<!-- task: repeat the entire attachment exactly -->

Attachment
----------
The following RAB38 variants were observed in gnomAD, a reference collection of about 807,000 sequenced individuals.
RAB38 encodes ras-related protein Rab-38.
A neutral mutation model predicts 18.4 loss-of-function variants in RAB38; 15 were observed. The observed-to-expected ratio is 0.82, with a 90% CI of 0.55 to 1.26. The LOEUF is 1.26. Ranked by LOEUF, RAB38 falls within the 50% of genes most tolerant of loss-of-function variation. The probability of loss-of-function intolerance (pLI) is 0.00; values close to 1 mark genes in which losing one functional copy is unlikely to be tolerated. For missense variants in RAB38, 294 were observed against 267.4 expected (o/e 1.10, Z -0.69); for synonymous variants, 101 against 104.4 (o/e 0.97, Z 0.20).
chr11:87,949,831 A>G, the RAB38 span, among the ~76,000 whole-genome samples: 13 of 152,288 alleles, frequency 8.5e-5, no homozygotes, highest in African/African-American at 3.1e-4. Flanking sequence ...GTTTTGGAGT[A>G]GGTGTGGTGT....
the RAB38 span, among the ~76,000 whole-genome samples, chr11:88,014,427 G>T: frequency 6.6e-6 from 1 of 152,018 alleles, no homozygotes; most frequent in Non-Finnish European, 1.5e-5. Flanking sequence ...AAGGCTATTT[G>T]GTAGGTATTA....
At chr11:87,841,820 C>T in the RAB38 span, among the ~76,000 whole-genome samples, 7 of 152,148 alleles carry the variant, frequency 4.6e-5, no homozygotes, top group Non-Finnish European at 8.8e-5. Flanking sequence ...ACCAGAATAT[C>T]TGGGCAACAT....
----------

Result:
The following RAB38 variants were observed in gnomAD, a reference collection of about 807,000 sequenced individuals.
RAB38 encodes ras-related protein Rab-38.
A neutral mutation model predicts 18.4 loss-of-function variants in RAB38; 15 were observed. The observed-to-expected ratio is 0.82, with a 90% CI of 0.55 to 1.26. The LOEUF is 1.26. Ranked by LOEUF, RAB38 falls within the 50% of genes most tolerant of loss-of-function variation. The probability of loss-of-function intolerance (pLI) is 0.00; values close to 1 mark genes in which losing one functional copy is unlikely to be tolerated. For missense variants in RAB38, 294 were observed against 267.4 expected (o/e 1.10, Z -0.69); for synonymous variants, 101 against 104.4 (o/e 0.97, Z 0.20).
chr11:87,949,831 A>G, the RAB38 span, among the ~76,000 whole-genome samples: 13 of 152,288 alleles, frequency 8.5e-5, no homozygotes, highest in African/African-American at 3.1e-4. Flanking sequence ...GTTTTGGAGT[A>G]GGTGTGGTGT....
the RAB38 span, among the ~76,000 whole-genome samples, chr11:88,014,427 G>T: frequency 6.6e-6 from 1 of 152,018 alleles, no homozygotes; most frequent in Non-Finnish European, 1.5e-5. Flanking sequence ...AAGGCTATTT[G>T]GTAGGTATTA....
At chr11:87,841,820 C>T in the RAB38 span, among the ~76,000 whole-genome samples, 7 of 152,148 alleles carry the variant, frequency 4.6e-5, no homozygotes, top group Non-Finnish European at 8.8e-5. Flanking sequence ...ACCAGAATAT[C>T]TGGGCAACAT....